A new report by SecurePhones has highlighted a probable way of how police and other law enforcement authorities hack into someone’s iPhone.
Despite Apple’s claim of the iPhone is a ‘secure’ phone, Matthew Green, an associate professor at Johns Hopkins Information Security Institute has found an explanation about how law enforcement agencies break into convict’s iPhone. Matthew, on Twitter, revealed that the theory is based on the research done by him, along with two of his students. He’s written a 65-page report on the same, and plans to publish a paper on this soon.
My students @maxzks and Tushar Jois spent most of the summer going through every piece of public documentation, forensics report, and legal document we could find to figure out how police were “breaking phone encryption”. 1/ https://t.co/KqkmQ1QrEy
— Matthew Green (@matthew_d_green) December 23, 2020
So here’s what you need to know. iPhones can be in two states: BFU (Before First Unlock) state and AFU (After First Unlock) state. When you first enter your passcode for the first time in the morning, or after you reboot the device, you switch your iPhone from BFU state to AFU.
When you unlock your iPhone with a passcode, the phone uses that passcode to derive a set of cryptographic keys, and these keys stay in the memory after the first unlock. Now coming to the strong encryption part, Apple vaguely offers a list of apps and programs that get ‘high-security encryption’ even when the phone’s in the AFU state.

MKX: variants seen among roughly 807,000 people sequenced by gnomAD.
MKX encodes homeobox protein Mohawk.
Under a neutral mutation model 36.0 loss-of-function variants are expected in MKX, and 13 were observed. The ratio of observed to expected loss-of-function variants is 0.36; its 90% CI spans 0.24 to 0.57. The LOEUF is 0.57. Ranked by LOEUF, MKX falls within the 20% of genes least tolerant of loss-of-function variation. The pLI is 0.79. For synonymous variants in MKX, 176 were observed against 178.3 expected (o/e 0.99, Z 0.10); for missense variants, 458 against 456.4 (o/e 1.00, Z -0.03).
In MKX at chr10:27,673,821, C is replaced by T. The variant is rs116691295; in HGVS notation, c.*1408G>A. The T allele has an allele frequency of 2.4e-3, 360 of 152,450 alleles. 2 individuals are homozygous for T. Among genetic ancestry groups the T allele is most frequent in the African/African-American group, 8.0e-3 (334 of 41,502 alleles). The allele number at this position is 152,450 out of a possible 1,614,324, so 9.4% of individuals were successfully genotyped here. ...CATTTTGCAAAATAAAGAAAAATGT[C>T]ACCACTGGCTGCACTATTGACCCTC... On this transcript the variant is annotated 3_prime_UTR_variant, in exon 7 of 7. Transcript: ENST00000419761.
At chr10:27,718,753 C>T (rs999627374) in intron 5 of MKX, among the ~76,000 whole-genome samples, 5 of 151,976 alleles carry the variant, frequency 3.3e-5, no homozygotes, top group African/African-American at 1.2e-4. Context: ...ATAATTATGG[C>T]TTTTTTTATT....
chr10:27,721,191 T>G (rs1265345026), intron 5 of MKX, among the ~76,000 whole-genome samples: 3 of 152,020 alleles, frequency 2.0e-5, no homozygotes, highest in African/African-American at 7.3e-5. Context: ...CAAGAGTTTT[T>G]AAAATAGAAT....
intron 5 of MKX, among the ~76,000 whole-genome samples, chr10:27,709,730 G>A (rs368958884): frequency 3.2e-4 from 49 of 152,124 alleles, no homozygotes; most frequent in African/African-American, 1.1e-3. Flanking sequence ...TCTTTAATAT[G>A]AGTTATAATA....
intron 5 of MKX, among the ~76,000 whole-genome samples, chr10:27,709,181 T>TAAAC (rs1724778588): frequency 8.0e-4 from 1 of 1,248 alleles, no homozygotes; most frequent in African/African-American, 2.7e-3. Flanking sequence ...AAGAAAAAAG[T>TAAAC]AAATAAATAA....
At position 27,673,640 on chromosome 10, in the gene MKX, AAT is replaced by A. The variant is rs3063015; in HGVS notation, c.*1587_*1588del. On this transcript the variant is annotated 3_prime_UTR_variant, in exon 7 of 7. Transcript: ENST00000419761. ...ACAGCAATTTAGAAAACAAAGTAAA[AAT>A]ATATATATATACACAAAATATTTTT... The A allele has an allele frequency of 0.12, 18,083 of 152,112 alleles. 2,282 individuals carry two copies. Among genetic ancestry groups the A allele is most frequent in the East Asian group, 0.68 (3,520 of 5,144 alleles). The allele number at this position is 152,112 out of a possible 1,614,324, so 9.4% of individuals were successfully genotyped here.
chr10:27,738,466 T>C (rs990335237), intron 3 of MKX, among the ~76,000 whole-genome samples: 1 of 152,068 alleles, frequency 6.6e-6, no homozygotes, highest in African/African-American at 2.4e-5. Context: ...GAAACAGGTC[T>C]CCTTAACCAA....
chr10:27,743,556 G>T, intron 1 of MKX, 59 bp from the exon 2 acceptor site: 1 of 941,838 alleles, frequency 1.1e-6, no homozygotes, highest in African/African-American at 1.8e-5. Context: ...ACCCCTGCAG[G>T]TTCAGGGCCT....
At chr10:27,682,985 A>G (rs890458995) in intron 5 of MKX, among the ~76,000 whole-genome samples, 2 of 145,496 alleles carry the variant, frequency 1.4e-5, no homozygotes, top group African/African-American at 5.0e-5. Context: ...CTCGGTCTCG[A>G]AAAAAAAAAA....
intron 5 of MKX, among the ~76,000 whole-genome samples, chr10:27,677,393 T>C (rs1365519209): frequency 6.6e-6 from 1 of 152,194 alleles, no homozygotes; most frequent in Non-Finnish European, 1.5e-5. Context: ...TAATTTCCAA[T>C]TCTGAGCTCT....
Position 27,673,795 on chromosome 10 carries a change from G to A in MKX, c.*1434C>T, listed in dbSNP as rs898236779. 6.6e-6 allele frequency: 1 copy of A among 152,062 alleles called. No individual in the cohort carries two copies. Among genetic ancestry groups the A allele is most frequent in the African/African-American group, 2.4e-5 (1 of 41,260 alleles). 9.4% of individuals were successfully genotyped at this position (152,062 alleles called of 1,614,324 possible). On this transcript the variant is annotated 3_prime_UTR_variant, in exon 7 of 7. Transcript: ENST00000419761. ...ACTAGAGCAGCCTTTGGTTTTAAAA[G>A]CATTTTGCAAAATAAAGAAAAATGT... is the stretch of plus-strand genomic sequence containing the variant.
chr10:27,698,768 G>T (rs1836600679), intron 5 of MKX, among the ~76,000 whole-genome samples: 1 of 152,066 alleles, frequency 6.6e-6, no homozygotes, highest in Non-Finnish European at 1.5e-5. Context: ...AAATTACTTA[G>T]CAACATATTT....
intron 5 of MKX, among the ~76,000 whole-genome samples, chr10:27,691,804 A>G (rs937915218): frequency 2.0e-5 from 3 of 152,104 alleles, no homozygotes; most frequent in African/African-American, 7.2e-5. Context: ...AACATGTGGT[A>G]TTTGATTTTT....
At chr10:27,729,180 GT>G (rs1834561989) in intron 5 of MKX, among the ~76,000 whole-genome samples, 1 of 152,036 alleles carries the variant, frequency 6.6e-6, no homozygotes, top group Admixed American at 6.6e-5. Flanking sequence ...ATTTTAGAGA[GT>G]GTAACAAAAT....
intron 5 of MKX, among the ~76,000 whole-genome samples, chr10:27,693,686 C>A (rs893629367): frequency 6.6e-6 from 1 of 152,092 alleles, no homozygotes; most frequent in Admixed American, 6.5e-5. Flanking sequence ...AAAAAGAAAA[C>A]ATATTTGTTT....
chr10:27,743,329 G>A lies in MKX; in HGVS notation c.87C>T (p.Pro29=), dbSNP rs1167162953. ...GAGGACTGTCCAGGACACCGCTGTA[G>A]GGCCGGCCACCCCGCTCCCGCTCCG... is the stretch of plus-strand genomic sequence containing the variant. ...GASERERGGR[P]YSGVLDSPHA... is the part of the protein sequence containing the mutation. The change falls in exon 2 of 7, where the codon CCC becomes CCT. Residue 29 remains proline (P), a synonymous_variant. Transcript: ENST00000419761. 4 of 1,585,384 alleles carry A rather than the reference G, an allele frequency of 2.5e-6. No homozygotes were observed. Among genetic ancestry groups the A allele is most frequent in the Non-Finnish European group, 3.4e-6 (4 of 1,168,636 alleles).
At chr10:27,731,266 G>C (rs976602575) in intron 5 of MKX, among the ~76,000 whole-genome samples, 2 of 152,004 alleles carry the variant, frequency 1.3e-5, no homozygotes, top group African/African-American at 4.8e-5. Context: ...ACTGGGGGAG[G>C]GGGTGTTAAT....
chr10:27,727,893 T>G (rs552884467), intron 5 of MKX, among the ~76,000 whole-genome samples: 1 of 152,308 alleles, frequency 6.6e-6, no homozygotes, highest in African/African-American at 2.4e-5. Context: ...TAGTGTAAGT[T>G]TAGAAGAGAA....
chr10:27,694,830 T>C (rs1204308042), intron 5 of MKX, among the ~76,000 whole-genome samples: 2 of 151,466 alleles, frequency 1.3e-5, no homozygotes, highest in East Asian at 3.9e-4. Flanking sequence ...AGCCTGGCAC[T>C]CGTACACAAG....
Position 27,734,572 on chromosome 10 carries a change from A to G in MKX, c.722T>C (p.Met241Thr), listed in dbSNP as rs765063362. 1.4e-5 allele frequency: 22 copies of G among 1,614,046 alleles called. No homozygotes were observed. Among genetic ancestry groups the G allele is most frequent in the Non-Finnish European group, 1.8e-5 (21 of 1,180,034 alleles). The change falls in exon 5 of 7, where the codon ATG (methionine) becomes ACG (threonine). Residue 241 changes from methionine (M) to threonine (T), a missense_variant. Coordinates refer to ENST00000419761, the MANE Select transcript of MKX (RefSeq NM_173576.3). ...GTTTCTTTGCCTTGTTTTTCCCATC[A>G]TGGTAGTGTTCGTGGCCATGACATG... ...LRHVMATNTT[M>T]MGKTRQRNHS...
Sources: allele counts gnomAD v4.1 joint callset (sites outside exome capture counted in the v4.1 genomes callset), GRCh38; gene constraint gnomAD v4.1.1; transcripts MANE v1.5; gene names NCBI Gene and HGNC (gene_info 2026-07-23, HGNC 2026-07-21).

This list includes Apple’s own mail app, Safari bookmarks, location data among others. This means even when the phone’s in AFU state, police will find it difficult to get hold of this data. Some apps like Photos, Texts, Notes do not get this level of high encryption, so police only need to access the stored cryptographic keys to get hold of the data.
Long Story Short
Long story short, the government agencies don’t need to break the strongest encryption on your iPhone since the phone (most probably) is in AFU state, and the police has to only access keys in the memory to unlock it.
We Want To Hear From You
Did you know about iPhone’s encryption before reading the thread? What else do you know about iPhone’s encryption? Let us know in the comment section below![via SecurePhones]